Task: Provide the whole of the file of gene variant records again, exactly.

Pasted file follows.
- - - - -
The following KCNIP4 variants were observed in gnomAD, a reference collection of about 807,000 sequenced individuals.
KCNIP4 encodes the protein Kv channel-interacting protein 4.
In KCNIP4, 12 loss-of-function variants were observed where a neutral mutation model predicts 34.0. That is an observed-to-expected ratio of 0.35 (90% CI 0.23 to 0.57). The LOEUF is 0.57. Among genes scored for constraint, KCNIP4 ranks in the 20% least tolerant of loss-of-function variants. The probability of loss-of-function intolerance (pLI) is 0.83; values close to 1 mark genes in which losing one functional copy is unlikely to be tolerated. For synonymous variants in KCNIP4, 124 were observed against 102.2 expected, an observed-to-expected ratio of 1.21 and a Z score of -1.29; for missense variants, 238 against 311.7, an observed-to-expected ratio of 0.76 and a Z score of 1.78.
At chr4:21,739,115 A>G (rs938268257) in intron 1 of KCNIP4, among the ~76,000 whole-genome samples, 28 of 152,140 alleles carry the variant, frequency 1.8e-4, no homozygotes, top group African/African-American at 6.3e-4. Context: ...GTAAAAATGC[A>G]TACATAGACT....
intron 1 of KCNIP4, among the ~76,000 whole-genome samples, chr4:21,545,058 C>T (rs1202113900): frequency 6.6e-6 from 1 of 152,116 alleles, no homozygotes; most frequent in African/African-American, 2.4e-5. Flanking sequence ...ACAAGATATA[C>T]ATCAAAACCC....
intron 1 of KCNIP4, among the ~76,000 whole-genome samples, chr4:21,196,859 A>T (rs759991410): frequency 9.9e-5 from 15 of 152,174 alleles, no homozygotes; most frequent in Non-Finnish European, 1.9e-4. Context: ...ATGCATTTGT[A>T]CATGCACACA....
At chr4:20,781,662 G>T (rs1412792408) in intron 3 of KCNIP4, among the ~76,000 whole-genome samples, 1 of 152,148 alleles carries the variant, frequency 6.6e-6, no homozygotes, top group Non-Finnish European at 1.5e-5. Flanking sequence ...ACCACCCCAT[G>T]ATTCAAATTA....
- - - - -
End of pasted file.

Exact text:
The following KCNIP4 variants were observed in gnomAD, a reference collection of about 807,000 sequenced individuals.
KCNIP4 encodes the protein Kv channel-interacting protein 4.
In KCNIP4, 12 loss-of-function variants were observed where a neutral mutation model predicts 34.0. That is an observed-to-expected ratio of 0.35 (90% CI 0.23 to 0.57). The LOEUF is 0.57. Among genes scored for constraint, KCNIP4 ranks in the 20% least tolerant of loss-of-function variants. The probability of loss-of-function intolerance (pLI) is 0.83; values close to 1 mark genes in which losing one functional copy is unlikely to be tolerated. For synonymous variants in KCNIP4, 124 were observed against 102.2 expected, an observed-to-expected ratio of 1.21 and a Z score of -1.29; for missense variants, 238 against 311.7, an observed-to-expected ratio of 0.76 and a Z score of 1.78.
At chr4:21,739,115 A>G (rs938268257) in intron 1 of KCNIP4, among the ~76,000 whole-genome samples, 28 of 152,140 alleles carry the variant, frequency 1.8e-4, no homozygotes, top group African/African-American at 6.3e-4. Context: ...GTAAAAATGC[A>G]TACATAGACT....
intron 1 of KCNIP4, among the ~76,000 whole-genome samples, chr4:21,545,058 C>T (rs1202113900): frequency 6.6e-6 from 1 of 152,116 alleles, no homozygotes; most frequent in African/African-American, 2.4e-5. Flanking sequence ...ACAAGATATA[C>T]ATCAAAACCC....
intron 1 of KCNIP4, among the ~76,000 whole-genome samples, chr4:21,196,859 A>T (rs759991410): frequency 9.9e-5 from 15 of 152,174 alleles, no homozygotes; most frequent in Non-Finnish European, 1.9e-4. Context: ...ATGCATTTGT[A>T]CATGCACACA....
At chr4:20,781,662 G>T (rs1412792408) in intron 3 of KCNIP4, among the ~76,000 whole-genome samples, 1 of 152,148 alleles carries the variant, frequency 6.6e-6, no homozygotes, top group Non-Finnish European at 1.5e-5. Flanking sequence ...ACCACCCCAT[G>T]ATTCAAATTA....